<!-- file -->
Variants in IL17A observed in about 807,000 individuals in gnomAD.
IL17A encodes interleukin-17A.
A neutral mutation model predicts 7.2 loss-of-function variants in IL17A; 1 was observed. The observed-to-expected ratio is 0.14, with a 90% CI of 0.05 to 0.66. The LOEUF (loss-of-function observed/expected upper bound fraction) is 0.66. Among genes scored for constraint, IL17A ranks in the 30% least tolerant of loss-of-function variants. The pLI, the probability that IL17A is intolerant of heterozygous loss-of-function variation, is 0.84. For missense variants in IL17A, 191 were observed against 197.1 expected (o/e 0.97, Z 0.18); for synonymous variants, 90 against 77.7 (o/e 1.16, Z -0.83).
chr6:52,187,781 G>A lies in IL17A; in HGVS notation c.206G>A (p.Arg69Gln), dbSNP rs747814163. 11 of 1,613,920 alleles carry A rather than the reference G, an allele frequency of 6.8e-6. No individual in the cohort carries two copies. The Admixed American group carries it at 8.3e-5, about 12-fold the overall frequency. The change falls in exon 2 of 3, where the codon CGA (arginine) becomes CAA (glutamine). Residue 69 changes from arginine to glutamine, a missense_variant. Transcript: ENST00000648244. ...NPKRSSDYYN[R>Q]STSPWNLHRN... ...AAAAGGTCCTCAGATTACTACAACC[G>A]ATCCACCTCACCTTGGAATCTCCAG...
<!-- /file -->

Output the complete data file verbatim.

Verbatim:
Variants in IL17A observed in about 807,000 individuals in gnomAD.
IL17A encodes interleukin-17A.
A neutral mutation model predicts 7.2 loss-of-function variants in IL17A; 1 was observed. The observed-to-expected ratio is 0.14, with a 90% CI of 0.05 to 0.66. The LOEUF (loss-of-function observed/expected upper bound fraction) is 0.66. Among genes scored for constraint, IL17A ranks in the 30% least tolerant of loss-of-function variants. The pLI, the probability that IL17A is intolerant of heterozygous loss-of-function variation, is 0.84. For missense variants in IL17A, 191 were observed against 197.1 expected (o/e 0.97, Z 0.18); for synonymous variants, 90 against 77.7 (o/e 1.16, Z -0.83).
chr6:52,187,781 G>A lies in IL17A; in HGVS notation c.206G>A (p.Arg69Gln), dbSNP rs747814163. 11 of 1,613,920 alleles carry A rather than the reference G, an allele frequency of 6.8e-6. No individual in the cohort carries two copies. The Admixed American group carries it at 8.3e-5, about 12-fold the overall frequency. The change falls in exon 2 of 3, where the codon CGA (arginine) becomes CAA (glutamine). Residue 69 changes from arginine to glutamine, a missense_variant. Transcript: ENST00000648244. ...NPKRSSDYYN[R>Q]STSPWNLHRN... ...AAAAGGTCCTCAGATTACTACAACC[G>A]ATCCACCTCACCTTGGAATCTCCAG...